I wrote this article for the National Psoriasis Foundation as an update to my Treat to Target experience earlier this year. The editor decided to take excerpts from below as a postscript and republish as An ongoing experiment with Treat to Target. See the postscript below for a brief week 13 with Tremfya update.
Here is the full article:
Psoriasis treatment for me is a series of starts and stops, and then restarts. In the past, I focused on finding something that effectively calms down the inflammation in my body so I can at least function at my job. When a treatment stopped working, or a new treatment proved unhelpful, I moved on to the next one. I find treatment rarely follows a dependable straight-line path for the foreseeable future.
Earlier this year my approach to treatment changed after I read about the National Psoriasis Foundation’s Medical Board’s “Treat 2 Target” treatment strategy. They established the goal of 1 percent or less psoriasis on the body within three months of treatment. An alternate acceptable goal is to maintain 75 percent improvement of psoriasis skin involvement in three months. These treatment goals inspired me to not accept “good enough” and strive for better results.
Of course, treatment decisions are individual and meant to be worked out with medical providers. Knowing I needed to consider change to more effective medications, I talked to my dermatologist about setting goals at my first appointment of 2017.
When I wrote about my first Treat to Target experience earlier this year, I hoped to reach the treatment targets I set with my dermatologist, Dr. Maverakis within the three or six-month time frame. Unfortunately, circumstances did not work out as I wished.
Hitting Targets Can Take Time
Many variables came into play as I strived for at least 75 percent psoriasis improvement. First, I ultimately decided not to do the treatment my dermatologist first prescribed for me. He wanted me to try Goeckerman therapy, a combination of coal tar and phototherapy. At first I went along, but over time I became less enthusiastic about the time consuming and messy nature of the treatment. Several poor experiences with phototherapy in the past proved difficult to overcome as well.
The next option we considered, the innovative biologic Tremfya (guselkumab), would not gain FDA approval until summer at the earliest. In the meantime, I asked if I could try a newer systemic medication. While my dermatologist agreed to prescribe it for me, my health insurance provider ultimately denied covering it. Eventually the drug manufacturer agreed to provide it for free after I applied to their patient assistance program. In the end, receiving the medication took almost six weeks.
The next twelve weeks became a roller coaster ride with the new systemic medication. I managed the ups and downs of challenging side effects and waited day after day to see improvement. My dermatologist and I decided to stop it due to lack of response. In fact, my psoriasis seemed worse.
Hitting those targets took much more effort and time than I expected. But setting the goals kept me focused on reaching them however many setbacks I faced.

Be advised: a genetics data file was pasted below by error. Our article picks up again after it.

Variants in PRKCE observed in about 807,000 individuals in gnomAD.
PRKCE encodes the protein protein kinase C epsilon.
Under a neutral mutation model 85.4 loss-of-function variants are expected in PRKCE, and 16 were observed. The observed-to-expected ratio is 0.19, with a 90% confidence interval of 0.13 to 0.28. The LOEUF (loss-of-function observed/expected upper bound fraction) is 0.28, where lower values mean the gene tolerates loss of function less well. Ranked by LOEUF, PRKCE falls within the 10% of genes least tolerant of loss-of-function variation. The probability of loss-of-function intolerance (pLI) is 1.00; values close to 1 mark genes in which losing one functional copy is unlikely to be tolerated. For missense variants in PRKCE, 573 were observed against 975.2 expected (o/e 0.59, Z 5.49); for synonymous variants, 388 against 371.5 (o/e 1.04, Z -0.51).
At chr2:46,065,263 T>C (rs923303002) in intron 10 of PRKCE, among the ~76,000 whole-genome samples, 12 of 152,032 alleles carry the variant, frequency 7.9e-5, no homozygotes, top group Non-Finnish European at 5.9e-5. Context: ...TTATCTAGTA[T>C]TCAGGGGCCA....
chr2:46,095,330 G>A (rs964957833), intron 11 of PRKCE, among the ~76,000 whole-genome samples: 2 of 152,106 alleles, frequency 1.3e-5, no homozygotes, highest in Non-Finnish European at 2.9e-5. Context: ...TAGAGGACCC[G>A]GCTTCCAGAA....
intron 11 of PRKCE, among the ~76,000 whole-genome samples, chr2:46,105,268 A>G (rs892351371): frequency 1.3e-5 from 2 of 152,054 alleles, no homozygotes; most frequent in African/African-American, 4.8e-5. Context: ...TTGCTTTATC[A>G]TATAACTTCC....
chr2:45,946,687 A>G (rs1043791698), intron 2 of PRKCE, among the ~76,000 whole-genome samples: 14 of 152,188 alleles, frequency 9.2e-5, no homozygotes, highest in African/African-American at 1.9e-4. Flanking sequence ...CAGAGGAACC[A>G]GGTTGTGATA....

Months into my Treat to Target experience I felt disappointed and at a loss what to do next. Hitting those targets took much more effort and time than I expected. But setting the goals kept me focused on reaching them however many setbacks I faced.
Follow my Tremfya journey!
Tremfya (Guselkumab) Week One
3 Weeks with Tremfya: The Waiting Game
5 Weeks with Tremfya: Biggest Fear?
6 Weeks with Tremfya: Redefining Expectations
8 Weeks with Tremfya: It’s Working!
10 Weeks with Tremfya: One Step Back
12 Weeks with Tremfya: The Third Injection
New Treatment, Renewed Hope
Around the time my dermatologist and I decided to stop the systemic medication, the FDA approved Tremfya. Dr. M. asked me to come to the clinic the next day at lunch time so he could see me without an appointment. A few weeks later I became the first patient to use the new biologic medication in the University of California, Davis Health System.
Once again, I feel hopeful that I can reach the treatment targets Dr. Maverakis and I set earlier in the year. A few weeks into treatment psoriasis lesions on my arms and legs started to slowly fade, becoming flatter and less scaly. Although I experienced new outbreak in the next couple weeks, those lesions began to disappear soon after. I’m optimistic that clear skin is possible in a couple more months.
Once again, I feel hopeful that I can reach the treatment targets Dr. Maverakis and I set earlier in the year.
The path to clearer skin, however, might take a turn for the worse at the end of the year. I’m losing my dermatologist as his medical group will no longer participate in my health insurance provider’s network. I want my new healthcare providers to continue the goals and treatment I started this year, but I have no guarantees that they will.
I’m not too worried, though, about what comes next. My experience with Treat to Target so far tells me that obstacles and challenges to reach treatment goals come in many different forms and ways. Keeping the goals in mind, while adopting a flexible attitude, gives me the courage and persistence to overcome them one by one.
Postscript: At week 13 on Tremfya I’m seeing a bit more psoriasis breaking out all over, but especially on my trunk and stomach. I am remain optimistic that in the next few weeeks the injection I took last week will start working!